Crucially, urge your team members not to just forward suspected phishing emails willy-nilly. Every person they forward a phishing email to is another person who might fall into the phish’s trap. Even if they attach a warning, there’s always a risk the recipient will scan right past it and get hooked. It happens.

Email Security Best Practices

Finally, there are a few best practices your team should follow at all times to safeguard against phishing.

Most importantly, never blindly click through to the URL in an email. Your team members should at the very least mouse over every URL before they click. Even better, they should right click and copy the URL to their address bar, and pause for at least five seconds to examine it before pressing enter. They can also type the URL manually into the address bar. If it’s a site they go to often, such as a banking or invoicing service, this is the best option.

Everyone should be especially vigilant with passwords and personal information. If any website asks you for either, take a few seconds to doublecheck URL. Again, be careful: it’s common for hackers to set up fake websites. A one letter difference can be surprisingly hard to spot.

Finally, your team members should never divulge passwords or personal information over email unless strictly necessary. Again, much better to go over sensitive info in person or on a call. That way, they can be more certain of who they’re talking to, and there’s no paper trail of information that’s best kept as safe as possible.

To summarize:

  • Always mouse over URLs
  • Never just click on a URL
  • Right click to copy and paste the URL, or better yet, manually type in the website if you’ve been there before
  • Always check the sender
  • But never assume the from: info is accurate
  • Think for five seconds before you type in a password or sensitive information
  • Never divulge passwords or sensitive information over email unless strictly necessary
  • If you’re not sure, talk to the coworker, in person or on a call

Follow Up, and Test Test Test

Phishing awareness training isn’t a one-and-done type deal. You’ll want to follow up to ensure people have learned the lesson. Sending them a quiz or follow up exercises can help, but the best way is to give your organization a real life phishing test.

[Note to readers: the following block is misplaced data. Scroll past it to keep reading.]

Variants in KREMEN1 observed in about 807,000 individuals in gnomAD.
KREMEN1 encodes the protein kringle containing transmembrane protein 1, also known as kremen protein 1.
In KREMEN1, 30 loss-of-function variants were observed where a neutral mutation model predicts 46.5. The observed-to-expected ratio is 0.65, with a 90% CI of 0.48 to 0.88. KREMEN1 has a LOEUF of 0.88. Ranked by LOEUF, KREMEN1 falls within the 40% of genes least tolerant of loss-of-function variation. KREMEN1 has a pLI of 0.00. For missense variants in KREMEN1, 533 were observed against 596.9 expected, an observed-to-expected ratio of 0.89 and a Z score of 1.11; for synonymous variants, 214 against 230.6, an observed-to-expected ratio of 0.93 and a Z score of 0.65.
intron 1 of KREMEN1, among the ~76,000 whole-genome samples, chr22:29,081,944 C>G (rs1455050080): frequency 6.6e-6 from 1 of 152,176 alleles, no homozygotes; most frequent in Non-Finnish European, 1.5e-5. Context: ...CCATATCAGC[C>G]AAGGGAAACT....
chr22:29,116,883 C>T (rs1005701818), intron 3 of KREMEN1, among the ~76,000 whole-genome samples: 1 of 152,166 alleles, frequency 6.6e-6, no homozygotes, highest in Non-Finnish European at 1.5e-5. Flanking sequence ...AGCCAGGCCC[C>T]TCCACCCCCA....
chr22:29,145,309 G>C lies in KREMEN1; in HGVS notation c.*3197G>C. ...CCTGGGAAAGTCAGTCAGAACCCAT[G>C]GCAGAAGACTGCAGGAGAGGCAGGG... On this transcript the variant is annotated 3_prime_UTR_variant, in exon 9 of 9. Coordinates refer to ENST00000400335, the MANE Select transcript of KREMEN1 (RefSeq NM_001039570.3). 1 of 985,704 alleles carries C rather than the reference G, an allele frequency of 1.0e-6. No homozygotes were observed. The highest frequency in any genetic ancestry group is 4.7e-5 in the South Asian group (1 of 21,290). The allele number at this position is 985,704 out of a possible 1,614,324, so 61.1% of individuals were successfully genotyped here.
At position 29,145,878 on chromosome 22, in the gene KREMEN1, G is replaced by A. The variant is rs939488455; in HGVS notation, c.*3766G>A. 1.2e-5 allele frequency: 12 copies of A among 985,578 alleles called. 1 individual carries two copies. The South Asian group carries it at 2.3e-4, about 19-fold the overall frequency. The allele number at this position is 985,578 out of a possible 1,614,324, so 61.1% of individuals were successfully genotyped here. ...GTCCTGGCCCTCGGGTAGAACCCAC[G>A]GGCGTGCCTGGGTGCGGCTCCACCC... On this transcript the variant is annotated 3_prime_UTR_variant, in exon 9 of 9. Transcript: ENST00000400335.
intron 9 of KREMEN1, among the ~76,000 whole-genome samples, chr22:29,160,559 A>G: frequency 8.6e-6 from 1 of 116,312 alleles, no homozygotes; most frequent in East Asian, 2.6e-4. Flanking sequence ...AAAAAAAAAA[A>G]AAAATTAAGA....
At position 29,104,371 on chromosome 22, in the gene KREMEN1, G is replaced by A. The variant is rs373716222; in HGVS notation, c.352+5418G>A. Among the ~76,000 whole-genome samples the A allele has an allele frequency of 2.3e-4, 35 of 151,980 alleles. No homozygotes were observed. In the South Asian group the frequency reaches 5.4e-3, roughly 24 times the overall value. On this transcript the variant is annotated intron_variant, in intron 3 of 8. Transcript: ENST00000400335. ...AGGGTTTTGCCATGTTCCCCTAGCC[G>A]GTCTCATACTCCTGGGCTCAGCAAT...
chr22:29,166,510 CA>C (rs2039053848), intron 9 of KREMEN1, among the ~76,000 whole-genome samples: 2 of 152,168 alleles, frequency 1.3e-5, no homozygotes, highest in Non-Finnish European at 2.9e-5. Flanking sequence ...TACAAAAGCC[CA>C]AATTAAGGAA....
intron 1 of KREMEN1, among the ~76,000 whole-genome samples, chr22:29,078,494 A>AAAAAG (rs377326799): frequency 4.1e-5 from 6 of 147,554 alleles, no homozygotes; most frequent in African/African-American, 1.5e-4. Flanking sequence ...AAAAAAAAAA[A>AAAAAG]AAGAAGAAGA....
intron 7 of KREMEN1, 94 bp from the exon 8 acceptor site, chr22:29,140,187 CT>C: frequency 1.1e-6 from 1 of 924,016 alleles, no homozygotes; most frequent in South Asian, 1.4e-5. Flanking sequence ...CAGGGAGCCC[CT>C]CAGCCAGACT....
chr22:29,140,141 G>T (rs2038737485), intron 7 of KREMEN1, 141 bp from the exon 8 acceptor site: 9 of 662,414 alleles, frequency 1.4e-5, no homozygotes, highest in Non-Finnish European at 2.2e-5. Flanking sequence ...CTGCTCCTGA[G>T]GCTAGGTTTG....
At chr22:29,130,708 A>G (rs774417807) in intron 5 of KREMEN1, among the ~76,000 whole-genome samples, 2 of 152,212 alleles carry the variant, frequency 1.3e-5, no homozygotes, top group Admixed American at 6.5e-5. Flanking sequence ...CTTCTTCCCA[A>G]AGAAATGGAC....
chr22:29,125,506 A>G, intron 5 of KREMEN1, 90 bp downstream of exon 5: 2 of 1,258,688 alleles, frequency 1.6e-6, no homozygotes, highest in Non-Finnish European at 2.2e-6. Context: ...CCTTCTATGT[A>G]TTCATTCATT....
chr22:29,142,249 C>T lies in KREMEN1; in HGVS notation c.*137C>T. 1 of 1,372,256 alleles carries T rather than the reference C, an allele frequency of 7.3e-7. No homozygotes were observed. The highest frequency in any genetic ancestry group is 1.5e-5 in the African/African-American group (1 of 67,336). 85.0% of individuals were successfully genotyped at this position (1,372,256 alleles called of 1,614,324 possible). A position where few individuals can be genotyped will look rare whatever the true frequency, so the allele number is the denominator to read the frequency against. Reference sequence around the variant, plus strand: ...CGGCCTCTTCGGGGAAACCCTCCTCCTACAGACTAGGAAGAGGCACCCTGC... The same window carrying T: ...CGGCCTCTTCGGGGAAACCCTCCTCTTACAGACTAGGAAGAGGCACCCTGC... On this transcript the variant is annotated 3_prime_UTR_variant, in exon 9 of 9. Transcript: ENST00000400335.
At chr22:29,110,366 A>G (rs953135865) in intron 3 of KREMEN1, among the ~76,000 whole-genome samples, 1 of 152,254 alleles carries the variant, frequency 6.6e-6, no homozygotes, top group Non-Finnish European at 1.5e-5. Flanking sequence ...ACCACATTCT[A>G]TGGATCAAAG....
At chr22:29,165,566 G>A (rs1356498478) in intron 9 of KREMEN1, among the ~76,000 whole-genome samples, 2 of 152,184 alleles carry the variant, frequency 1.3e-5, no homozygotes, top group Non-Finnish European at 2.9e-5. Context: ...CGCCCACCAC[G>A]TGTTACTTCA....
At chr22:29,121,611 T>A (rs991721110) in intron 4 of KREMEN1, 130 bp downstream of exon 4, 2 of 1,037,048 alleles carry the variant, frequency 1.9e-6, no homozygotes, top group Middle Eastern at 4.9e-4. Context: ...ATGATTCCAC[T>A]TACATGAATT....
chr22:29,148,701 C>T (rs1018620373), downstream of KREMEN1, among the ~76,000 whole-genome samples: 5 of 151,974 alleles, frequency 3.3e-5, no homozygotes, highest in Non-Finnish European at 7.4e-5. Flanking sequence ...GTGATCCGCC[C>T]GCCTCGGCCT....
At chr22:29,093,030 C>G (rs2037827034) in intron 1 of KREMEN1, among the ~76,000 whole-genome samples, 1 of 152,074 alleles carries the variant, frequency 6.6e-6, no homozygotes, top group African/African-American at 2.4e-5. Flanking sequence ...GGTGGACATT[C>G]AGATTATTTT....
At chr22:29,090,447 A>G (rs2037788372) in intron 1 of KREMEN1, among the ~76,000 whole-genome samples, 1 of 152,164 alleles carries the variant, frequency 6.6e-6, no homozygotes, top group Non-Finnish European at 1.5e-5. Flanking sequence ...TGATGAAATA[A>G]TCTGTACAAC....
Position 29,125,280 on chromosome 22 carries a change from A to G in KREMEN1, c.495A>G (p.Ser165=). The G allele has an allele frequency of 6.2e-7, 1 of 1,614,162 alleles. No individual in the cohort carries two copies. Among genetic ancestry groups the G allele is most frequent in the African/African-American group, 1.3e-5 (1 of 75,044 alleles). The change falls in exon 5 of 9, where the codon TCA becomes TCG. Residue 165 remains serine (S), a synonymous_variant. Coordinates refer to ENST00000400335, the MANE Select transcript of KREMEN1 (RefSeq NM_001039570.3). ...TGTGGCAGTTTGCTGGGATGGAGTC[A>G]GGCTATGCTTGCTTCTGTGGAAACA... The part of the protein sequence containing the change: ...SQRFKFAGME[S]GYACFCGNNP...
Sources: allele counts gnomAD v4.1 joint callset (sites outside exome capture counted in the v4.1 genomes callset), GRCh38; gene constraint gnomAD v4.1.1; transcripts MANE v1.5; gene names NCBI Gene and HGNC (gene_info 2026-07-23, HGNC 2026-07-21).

To fully test phishing, you need to fake phish your organization. It’s up to you whether you warn them first, but I would encourage doing so – the point of running these tests is not to call people out or leave them feeling hurt. Instead, it’s to determine how successful your phishing awareness training has been, and accurately assess just how vulnerable your organization is to phishing attacks.

To get started, you can use a free software such as Gophish to send emails and track results. You’ll want to try out a variety of techniques, not just the same emails over and over again. You can learn more about phishing testing here.

You’ll want to set up testing and training on an ongoing schedule. Phish will keep trying to scam your organization over email, looking for any weak link. All it takes is one person to slip up and your organization is compromised.

Consider Two-Factor Authentication

One last thing. If there’s any one tool I’d recommend organizations use to stay safe, it would have to be two-factor authentication. With two-factor authentication, a password alone isn’t enough to log into a business account – instead, another defense layer is in place. For instance, you might have to enter a one-time code texted to your phone. Yes, it takes an extra few seconds, but the slight inconvenience is worth it to dramatically cut the risk of your organization getting hacked into.

Two-factor authentication isn’t a replacement for awareness training. Cyberattackers thrive at the intersection of technology and people, relying on a combination of technological knowhow and social engineering to manipulate their way to their goal. But if you’re going to add one technical safeguard alongside your educational program, you can’t go wrong with two-factor authentication.

The Bottom Line

If you want to protect your organization from phishing attacks, phishing awareness training is a necessity. Go over how to spot phishing emails, how to report suspected phish, and email security best practices. Crucially, follow up with reinforcement and testing to make sure the lessons sink in and your organization is as safe as can be against phishing attacks.

Stay vigilant.

About the Author

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Michael X. Heiligenstein

Michael X. Heiligenstein is the founder and editor-in-chief of the Firewall Times. He has six years of experience in online publishing and marketing. Before founding the Firewall Times, he was Vice President of SEO at Fit Small Business, a website devoted to helping small business owners. He graduated from the University of Virginia with a degree in English and History.